"Rubbing Sun" is, like the others, ink on paper, but was created in a different step-by-step process. Zhang Jian-jun was inspired by a statement in the Arithmetical Classic of the Gnomon and the Circular Paths of Heaven from c. 100 BCE: "The square pertains to Earth, and the circle pertains to Heaven. Heaven is a circle, and Earth is a square." First, the artist chiseled a large stone, quarried from Lingbi County in China's Anhui Province, where the raw materials for inkstones are found. Then he lay a wet piece of paper across the stone and tamped into its carved crevices. Ink was tapped into the entire surface, resulting in a black-and-white image.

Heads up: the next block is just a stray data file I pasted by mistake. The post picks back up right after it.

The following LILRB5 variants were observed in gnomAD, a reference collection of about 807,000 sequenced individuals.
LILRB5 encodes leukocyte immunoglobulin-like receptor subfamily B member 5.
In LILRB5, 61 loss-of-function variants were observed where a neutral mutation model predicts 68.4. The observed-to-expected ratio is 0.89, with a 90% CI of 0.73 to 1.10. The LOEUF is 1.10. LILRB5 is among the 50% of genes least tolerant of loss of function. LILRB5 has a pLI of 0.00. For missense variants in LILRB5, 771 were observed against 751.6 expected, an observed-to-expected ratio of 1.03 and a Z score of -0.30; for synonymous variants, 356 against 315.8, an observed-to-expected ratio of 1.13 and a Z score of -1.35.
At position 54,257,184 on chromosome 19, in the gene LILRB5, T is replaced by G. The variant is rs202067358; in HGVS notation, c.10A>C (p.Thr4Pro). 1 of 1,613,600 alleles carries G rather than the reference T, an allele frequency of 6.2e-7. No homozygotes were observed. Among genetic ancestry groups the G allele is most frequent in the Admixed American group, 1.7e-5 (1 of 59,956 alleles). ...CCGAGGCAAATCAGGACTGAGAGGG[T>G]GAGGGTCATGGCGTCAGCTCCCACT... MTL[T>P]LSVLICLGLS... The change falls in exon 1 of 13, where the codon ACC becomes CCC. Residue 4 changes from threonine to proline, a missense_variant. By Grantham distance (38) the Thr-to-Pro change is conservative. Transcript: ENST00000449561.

Collage fans will appreciate what Zhen Chongbin did in "Merged with Variant Geometries." He overlapped folded and torn paper fragments and overlaid them with ink and white acrylic paint. Angles and straight edges form fragments of an imaginary landscape that competes with geometric shapes.
And then there are the dense, dynamic and spontaneous coils of black ink made by Qin Feng in "Civilization Landscape #1" and the dance-like strokes in "Desire Scenery No. 1." The artist sometimes creates his ink paintings standing up, using massive handmade "brushes" fashioned from mops that he sweeps choreographically over the paper on the floor.
Arnold Chang, born in the U.S., swirls ink into wisps and tendrils that, in my imagination, become plant matter floating beneath the water's surface.